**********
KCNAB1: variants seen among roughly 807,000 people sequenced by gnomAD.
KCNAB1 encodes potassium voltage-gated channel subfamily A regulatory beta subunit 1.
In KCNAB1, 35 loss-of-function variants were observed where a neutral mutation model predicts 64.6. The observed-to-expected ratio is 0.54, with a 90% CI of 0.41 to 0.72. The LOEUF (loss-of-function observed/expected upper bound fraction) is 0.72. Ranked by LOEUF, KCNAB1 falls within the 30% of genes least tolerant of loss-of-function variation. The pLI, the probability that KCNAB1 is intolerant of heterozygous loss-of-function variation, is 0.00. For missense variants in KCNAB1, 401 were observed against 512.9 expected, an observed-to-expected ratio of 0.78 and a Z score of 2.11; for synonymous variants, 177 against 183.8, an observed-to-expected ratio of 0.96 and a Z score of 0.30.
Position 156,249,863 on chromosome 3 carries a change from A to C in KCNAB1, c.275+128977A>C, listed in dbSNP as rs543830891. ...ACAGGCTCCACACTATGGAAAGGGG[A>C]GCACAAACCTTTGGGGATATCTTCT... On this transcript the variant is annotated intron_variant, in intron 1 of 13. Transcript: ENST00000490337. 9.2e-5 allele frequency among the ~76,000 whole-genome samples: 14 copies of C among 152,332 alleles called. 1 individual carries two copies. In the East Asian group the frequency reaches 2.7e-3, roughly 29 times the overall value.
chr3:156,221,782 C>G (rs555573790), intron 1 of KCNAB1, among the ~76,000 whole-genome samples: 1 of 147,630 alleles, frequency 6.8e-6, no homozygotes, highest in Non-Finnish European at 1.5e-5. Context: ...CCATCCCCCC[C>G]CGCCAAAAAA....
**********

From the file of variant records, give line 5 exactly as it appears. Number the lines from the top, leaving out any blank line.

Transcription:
chr3:156,221,782 C>G (rs555573790), intron 1 of KCNAB1, among the ~76,000 whole-genome samples: 1 of 147,630 alleles, frequency 6.8e-6, no homozygotes, highest in Non-Finnish European at 1.5e-5. Context: ...CCATCCCCCC[C>G]CGCCAAAAAA....